Littoral rainforest occurs at the interface between terrestrial and marine systems, protecting communities and infrastructure from erosion, and providing many ecosystem services such as mitigating flooding and providing specialised habitat for species such as cassowaries.
Because of its coastal location and fragmentation, littoral rainforest is vulnerable to interacting effects of extreme storm events, sea-level rise and changing land-use.
It is listed as Critically Endangered under the Environment Protection and Biodiversity Conservation Act 1999. The EPBC Act listing advice describes the broad characteristics of the community, however fine-scale mapping and an assessment of key threats was required by a number of research users in order to determine its exact location and extent, to assess climate change impacts, and to prioritise areas for management.
This project addressed an Australian Government priority research area and the work has been used directly by the Department of Environment and Energy to inform the draft Recovery Plan for ‘Littoral rainforest and costal vine thickets of eastern Australia’.
Example of critically endangered littoral rainforest (photo Andrew Ford).
The research has provided the Department of Environment and Energy, the Queensland Parks and Wildlife Service, the FNQ Regional Organisations of Councils and Local Councils with fine-scale mapping layers and an agreed method and template method to map littoral rainforest occurrence in the field, as well as a good understanding of the potential spatial impacts of storm surge, sea-level rise and coastal flooding on the forest. This is assisting them to improve policy, planning and management for the forest as well as to evaluate the potential impacts of proposed developments and climate change.
For example, the project team worked with Cairns Regional Council to help identify littoral rainforest patches in intensively developed beach suburbs where coastal vegetation is often subject to many varied pressures. The Council is now equipped to make their own assessment of patches which are mapped as ‘potential’ littoral rainforest so they can be managed appropriately to retain the values that littoral rainforest provides, and in accordance with the EPBC Act.
Researchers are working with Queensland Herbarium staff to update regional ecosystem mapping, and specifically to annotate regional ecosystem descriptions to note if littoral rainforest is present or potentially present in an area. Regional ecosystem information and maps are essential tools for business, governments, landholders and organisations to plan and manage developments, the natural environment, vegetation restoration and carbon farming. The information is also used for the Vegetation Management Act, Environmental Protection Act, the Environment Protection and Biodiversity Conservation Act and to determine the regional ecosystem status.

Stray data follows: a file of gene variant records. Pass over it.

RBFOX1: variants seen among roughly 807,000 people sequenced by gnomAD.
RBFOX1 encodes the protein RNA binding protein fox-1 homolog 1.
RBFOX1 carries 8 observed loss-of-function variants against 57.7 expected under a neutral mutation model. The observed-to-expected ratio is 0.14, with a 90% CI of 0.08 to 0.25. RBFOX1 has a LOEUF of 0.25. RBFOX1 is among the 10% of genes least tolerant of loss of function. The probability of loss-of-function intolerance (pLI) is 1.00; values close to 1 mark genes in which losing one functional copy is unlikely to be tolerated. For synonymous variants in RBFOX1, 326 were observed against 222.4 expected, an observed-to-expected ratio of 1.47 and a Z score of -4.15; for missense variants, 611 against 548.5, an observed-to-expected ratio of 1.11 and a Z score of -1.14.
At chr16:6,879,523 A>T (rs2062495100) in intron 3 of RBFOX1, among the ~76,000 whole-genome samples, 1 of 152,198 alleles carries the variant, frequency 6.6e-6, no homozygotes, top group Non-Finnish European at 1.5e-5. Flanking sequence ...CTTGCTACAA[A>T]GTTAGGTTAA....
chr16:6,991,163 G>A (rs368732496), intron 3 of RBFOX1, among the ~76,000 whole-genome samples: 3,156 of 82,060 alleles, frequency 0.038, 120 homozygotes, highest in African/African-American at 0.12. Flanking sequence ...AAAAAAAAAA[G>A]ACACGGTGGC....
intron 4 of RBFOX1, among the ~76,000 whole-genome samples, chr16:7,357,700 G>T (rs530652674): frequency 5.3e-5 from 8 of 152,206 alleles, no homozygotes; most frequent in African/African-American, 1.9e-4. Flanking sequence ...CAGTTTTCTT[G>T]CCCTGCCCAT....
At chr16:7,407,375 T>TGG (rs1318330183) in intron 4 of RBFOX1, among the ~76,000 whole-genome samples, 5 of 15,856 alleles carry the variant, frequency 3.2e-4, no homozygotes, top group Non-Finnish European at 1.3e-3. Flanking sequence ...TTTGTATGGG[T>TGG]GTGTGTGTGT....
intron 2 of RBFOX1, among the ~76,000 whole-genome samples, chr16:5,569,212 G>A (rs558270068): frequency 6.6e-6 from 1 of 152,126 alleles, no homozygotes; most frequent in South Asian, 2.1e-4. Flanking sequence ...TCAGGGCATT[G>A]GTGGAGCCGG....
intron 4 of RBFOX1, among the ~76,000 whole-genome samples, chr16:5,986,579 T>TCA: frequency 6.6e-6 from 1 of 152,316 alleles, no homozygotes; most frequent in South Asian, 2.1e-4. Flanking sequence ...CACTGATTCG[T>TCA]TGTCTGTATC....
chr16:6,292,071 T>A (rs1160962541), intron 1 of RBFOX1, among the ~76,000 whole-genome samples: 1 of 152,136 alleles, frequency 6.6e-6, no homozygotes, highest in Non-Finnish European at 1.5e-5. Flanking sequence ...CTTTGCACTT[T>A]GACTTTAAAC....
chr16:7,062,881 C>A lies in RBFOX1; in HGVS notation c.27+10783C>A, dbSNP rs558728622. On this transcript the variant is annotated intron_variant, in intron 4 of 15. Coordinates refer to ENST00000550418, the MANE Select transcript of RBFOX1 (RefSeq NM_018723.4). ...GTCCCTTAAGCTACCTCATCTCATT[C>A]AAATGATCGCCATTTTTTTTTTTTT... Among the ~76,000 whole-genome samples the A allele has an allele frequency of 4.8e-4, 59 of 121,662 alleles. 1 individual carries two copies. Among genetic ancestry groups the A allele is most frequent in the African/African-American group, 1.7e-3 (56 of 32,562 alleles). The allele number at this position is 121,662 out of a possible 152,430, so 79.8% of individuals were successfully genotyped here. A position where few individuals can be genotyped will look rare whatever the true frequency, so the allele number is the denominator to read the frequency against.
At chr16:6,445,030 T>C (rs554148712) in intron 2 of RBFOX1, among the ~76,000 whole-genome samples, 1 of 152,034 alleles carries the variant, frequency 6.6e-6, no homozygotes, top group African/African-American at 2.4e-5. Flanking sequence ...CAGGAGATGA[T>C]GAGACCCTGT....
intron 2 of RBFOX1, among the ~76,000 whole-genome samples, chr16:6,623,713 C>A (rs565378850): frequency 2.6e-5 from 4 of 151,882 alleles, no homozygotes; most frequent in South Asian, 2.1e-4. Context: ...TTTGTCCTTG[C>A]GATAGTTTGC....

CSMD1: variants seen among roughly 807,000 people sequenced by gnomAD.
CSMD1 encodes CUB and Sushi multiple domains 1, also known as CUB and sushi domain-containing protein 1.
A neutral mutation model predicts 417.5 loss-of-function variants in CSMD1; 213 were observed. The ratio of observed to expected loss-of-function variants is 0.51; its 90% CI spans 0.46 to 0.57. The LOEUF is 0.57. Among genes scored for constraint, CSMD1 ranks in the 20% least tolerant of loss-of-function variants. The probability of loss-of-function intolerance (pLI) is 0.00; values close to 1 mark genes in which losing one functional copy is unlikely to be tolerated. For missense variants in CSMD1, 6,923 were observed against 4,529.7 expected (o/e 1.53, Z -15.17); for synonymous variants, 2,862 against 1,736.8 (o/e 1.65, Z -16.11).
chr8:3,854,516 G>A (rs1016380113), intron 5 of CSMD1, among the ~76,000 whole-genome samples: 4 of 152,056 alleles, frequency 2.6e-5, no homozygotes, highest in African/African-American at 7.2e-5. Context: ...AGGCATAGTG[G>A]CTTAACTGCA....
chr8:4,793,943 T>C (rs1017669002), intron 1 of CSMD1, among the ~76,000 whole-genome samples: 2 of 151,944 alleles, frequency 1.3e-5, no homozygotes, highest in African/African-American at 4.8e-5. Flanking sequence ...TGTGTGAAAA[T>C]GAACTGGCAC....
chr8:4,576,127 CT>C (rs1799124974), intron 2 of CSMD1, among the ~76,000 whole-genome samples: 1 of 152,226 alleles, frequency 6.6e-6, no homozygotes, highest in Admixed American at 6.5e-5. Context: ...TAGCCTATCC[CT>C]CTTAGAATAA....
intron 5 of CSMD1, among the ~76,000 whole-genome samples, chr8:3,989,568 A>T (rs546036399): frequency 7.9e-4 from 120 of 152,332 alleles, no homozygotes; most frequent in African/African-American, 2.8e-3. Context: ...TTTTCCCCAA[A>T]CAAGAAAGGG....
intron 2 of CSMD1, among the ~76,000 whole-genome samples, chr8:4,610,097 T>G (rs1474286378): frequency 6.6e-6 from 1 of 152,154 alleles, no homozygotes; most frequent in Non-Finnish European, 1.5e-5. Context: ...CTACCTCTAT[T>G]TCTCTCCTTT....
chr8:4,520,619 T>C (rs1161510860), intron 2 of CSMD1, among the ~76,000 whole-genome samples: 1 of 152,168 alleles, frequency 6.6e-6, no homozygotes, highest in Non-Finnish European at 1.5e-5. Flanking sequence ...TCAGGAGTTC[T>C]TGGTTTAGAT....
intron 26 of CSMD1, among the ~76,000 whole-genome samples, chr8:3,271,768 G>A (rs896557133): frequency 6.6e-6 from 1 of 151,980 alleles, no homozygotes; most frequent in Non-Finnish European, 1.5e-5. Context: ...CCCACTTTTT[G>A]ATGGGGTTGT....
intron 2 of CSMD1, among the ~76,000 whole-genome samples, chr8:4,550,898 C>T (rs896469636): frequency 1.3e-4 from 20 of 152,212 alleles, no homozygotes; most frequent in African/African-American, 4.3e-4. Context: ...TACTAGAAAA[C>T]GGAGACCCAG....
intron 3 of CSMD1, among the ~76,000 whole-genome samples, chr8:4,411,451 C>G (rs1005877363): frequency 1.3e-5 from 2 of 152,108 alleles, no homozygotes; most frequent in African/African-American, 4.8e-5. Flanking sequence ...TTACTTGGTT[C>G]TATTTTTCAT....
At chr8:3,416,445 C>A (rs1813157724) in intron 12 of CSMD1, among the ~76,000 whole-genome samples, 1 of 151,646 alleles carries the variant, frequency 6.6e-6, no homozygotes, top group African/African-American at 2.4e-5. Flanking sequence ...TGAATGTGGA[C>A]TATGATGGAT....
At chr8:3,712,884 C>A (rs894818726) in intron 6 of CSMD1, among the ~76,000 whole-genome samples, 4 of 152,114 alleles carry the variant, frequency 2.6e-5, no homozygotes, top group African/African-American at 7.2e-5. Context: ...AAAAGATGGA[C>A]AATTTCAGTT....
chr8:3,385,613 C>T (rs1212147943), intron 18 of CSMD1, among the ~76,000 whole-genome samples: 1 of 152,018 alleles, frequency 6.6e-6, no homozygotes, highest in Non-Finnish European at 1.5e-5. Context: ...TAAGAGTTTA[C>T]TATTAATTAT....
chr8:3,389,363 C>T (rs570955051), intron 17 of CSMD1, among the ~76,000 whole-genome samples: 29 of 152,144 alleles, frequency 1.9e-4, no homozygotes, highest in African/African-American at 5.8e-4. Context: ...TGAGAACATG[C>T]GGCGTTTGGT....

It’s now easier for Queensland National Parks staff to understand what forest types they have on their land throughout the Wet Tropics, their resilience to future storm surge and sea-level rise, and how to better manage them. In another example, the project team, with the assistance of Queensland Marine Parks staff, assessed several Great Barrier Reef island National Parks for the presence of littoral rainforest where there is currently no regional ecosystem mapping. These assessments provided Parks staff with new knowledge about the distribution of this endangered ecological community on their estate.
The research has been used to inform a National Climate Change Adaptation Research Facility NCCARF CoastAdapt case study, and Terrain NRM and the Wet Tropics Management Authority have expressed interest in using the work.
The methodology for mapping littoral rainforest produced by the project could be applied throughout Queensland to provide greater clarity about the location of this critically endangered ecological community and enable improved management.